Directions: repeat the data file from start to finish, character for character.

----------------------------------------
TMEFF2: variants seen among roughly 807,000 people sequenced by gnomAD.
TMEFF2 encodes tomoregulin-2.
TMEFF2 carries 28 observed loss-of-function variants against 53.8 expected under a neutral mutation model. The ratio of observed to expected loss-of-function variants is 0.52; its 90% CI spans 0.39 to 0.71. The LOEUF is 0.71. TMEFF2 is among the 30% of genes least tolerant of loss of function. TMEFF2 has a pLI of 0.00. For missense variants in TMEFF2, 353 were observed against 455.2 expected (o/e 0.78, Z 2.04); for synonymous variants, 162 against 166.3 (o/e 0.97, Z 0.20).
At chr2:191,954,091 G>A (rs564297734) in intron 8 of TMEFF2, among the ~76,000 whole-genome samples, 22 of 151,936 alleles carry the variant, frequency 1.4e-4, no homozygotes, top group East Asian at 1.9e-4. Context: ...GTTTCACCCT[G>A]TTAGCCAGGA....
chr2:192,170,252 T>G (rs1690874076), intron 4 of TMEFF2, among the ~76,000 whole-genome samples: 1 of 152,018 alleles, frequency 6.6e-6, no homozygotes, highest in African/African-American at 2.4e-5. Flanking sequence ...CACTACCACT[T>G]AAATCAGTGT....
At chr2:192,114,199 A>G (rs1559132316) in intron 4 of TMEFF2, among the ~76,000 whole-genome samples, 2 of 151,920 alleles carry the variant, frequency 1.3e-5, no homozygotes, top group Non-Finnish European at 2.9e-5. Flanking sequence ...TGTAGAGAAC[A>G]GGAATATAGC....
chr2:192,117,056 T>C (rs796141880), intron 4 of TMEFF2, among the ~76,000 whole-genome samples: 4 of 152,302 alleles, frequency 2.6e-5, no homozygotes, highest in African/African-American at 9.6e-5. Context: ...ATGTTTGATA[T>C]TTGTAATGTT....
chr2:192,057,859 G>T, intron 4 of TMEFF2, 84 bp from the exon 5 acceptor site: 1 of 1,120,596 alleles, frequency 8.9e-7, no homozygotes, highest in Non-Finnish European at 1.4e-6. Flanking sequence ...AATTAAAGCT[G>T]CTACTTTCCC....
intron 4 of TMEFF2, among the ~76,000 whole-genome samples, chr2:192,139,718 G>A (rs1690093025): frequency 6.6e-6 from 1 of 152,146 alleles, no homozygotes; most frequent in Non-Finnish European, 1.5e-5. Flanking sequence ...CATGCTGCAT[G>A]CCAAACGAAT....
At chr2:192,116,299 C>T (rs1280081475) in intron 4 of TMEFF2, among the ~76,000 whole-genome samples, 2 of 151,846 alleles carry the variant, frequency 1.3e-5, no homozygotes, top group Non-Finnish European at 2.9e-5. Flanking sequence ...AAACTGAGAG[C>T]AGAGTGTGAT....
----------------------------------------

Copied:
TMEFF2: variants seen among roughly 807,000 people sequenced by gnomAD.
TMEFF2 encodes tomoregulin-2.
TMEFF2 carries 28 observed loss-of-function variants against 53.8 expected under a neutral mutation model. The ratio of observed to expected loss-of-function variants is 0.52; its 90% CI spans 0.39 to 0.71. The LOEUF is 0.71. TMEFF2 is among the 30% of genes least tolerant of loss of function. TMEFF2 has a pLI of 0.00. For missense variants in TMEFF2, 353 were observed against 455.2 expected (o/e 0.78, Z 2.04); for synonymous variants, 162 against 166.3 (o/e 0.97, Z 0.20).
At chr2:191,954,091 G>A (rs564297734) in intron 8 of TMEFF2, among the ~76,000 whole-genome samples, 22 of 151,936 alleles carry the variant, frequency 1.4e-4, no homozygotes, top group East Asian at 1.9e-4. Context: ...GTTTCACCCT[G>A]TTAGCCAGGA....
chr2:192,170,252 T>G (rs1690874076), intron 4 of TMEFF2, among the ~76,000 whole-genome samples: 1 of 152,018 alleles, frequency 6.6e-6, no homozygotes, highest in African/African-American at 2.4e-5. Flanking sequence ...CACTACCACT[T>G]AAATCAGTGT....
At chr2:192,114,199 A>G (rs1559132316) in intron 4 of TMEFF2, among the ~76,000 whole-genome samples, 2 of 151,920 alleles carry the variant, frequency 1.3e-5, no homozygotes, top group Non-Finnish European at 2.9e-5. Flanking sequence ...TGTAGAGAAC[A>G]GGAATATAGC....
chr2:192,117,056 T>C (rs796141880), intron 4 of TMEFF2, among the ~76,000 whole-genome samples: 4 of 152,302 alleles, frequency 2.6e-5, no homozygotes, highest in African/African-American at 9.6e-5. Context: ...ATGTTTGATA[T>C]TTGTAATGTT....
chr2:192,057,859 G>T, intron 4 of TMEFF2, 84 bp from the exon 5 acceptor site: 1 of 1,120,596 alleles, frequency 8.9e-7, no homozygotes, highest in Non-Finnish European at 1.4e-6. Flanking sequence ...AATTAAAGCT[G>T]CTACTTTCCC....
intron 4 of TMEFF2, among the ~76,000 whole-genome samples, chr2:192,139,718 G>A (rs1690093025): frequency 6.6e-6 from 1 of 152,146 alleles, no homozygotes; most frequent in Non-Finnish European, 1.5e-5. Flanking sequence ...CATGCTGCAT[G>A]CCAAACGAAT....
At chr2:192,116,299 C>T (rs1280081475) in intron 4 of TMEFF2, among the ~76,000 whole-genome samples, 2 of 151,846 alleles carry the variant, frequency 1.3e-5, no homozygotes, top group Non-Finnish European at 2.9e-5. Flanking sequence ...AAACTGAGAG[C>T]AGAGTGTGAT....